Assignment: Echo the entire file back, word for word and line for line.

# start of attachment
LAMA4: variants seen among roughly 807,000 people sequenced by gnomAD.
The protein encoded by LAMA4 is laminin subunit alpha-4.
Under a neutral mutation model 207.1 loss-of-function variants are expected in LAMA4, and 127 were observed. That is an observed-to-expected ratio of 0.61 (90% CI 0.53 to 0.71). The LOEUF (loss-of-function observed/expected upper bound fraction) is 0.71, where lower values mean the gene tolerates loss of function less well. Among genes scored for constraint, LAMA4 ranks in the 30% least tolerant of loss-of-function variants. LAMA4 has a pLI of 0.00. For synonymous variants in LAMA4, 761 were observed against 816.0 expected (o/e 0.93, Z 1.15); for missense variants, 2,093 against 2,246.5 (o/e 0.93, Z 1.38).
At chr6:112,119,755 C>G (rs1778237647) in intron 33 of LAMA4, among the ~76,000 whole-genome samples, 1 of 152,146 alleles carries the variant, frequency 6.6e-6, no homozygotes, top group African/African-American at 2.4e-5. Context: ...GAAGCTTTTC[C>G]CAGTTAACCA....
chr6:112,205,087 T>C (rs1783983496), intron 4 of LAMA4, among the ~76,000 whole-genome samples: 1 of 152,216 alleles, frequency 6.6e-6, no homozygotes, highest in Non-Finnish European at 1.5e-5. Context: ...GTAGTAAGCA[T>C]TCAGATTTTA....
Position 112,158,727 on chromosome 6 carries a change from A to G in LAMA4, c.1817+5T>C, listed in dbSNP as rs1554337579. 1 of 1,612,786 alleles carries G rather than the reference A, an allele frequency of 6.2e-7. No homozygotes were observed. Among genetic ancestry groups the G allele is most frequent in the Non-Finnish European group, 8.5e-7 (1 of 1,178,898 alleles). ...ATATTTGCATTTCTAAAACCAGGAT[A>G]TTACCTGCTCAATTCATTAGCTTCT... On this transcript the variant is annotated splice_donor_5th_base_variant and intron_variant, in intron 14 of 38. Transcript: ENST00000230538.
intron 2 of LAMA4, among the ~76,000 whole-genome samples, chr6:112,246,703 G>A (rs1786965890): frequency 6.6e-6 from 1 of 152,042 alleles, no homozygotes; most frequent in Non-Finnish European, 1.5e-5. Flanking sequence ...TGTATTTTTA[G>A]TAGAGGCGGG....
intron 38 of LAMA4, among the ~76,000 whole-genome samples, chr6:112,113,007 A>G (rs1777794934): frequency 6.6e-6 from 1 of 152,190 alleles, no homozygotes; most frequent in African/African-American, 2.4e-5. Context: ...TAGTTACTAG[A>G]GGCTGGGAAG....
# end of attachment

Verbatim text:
LAMA4: variants seen among roughly 807,000 people sequenced by gnomAD.
The protein encoded by LAMA4 is laminin subunit alpha-4.
Under a neutral mutation model 207.1 loss-of-function variants are expected in LAMA4, and 127 were observed. That is an observed-to-expected ratio of 0.61 (90% CI 0.53 to 0.71). The LOEUF (loss-of-function observed/expected upper bound fraction) is 0.71, where lower values mean the gene tolerates loss of function less well. Among genes scored for constraint, LAMA4 ranks in the 30% least tolerant of loss-of-function variants. LAMA4 has a pLI of 0.00. For synonymous variants in LAMA4, 761 were observed against 816.0 expected (o/e 0.93, Z 1.15); for missense variants, 2,093 against 2,246.5 (o/e 0.93, Z 1.38).
At chr6:112,119,755 C>G (rs1778237647) in intron 33 of LAMA4, among the ~76,000 whole-genome samples, 1 of 152,146 alleles carries the variant, frequency 6.6e-6, no homozygotes, top group African/African-American at 2.4e-5. Context: ...GAAGCTTTTC[C>G]CAGTTAACCA....
chr6:112,205,087 T>C (rs1783983496), intron 4 of LAMA4, among the ~76,000 whole-genome samples: 1 of 152,216 alleles, frequency 6.6e-6, no homozygotes, highest in Non-Finnish European at 1.5e-5. Context: ...GTAGTAAGCA[T>C]TCAGATTTTA....
Position 112,158,727 on chromosome 6 carries a change from A to G in LAMA4, c.1817+5T>C, listed in dbSNP as rs1554337579. 1 of 1,612,786 alleles carries G rather than the reference A, an allele frequency of 6.2e-7. No homozygotes were observed. Among genetic ancestry groups the G allele is most frequent in the Non-Finnish European group, 8.5e-7 (1 of 1,178,898 alleles). ...ATATTTGCATTTCTAAAACCAGGAT[A>G]TTACCTGCTCAATTCATTAGCTTCT... On this transcript the variant is annotated splice_donor_5th_base_variant and intron_variant, in intron 14 of 38. Transcript: ENST00000230538.
intron 2 of LAMA4, among the ~76,000 whole-genome samples, chr6:112,246,703 G>A (rs1786965890): frequency 6.6e-6 from 1 of 152,042 alleles, no homozygotes; most frequent in Non-Finnish European, 1.5e-5. Flanking sequence ...TGTATTTTTA[G>A]TAGAGGCGGG....
intron 38 of LAMA4, among the ~76,000 whole-genome samples, chr6:112,113,007 A>G (rs1777794934): frequency 6.6e-6 from 1 of 152,190 alleles, no homozygotes; most frequent in African/African-American, 2.4e-5. Context: ...TAGTTACTAG[A>G]GGCTGGGAAG....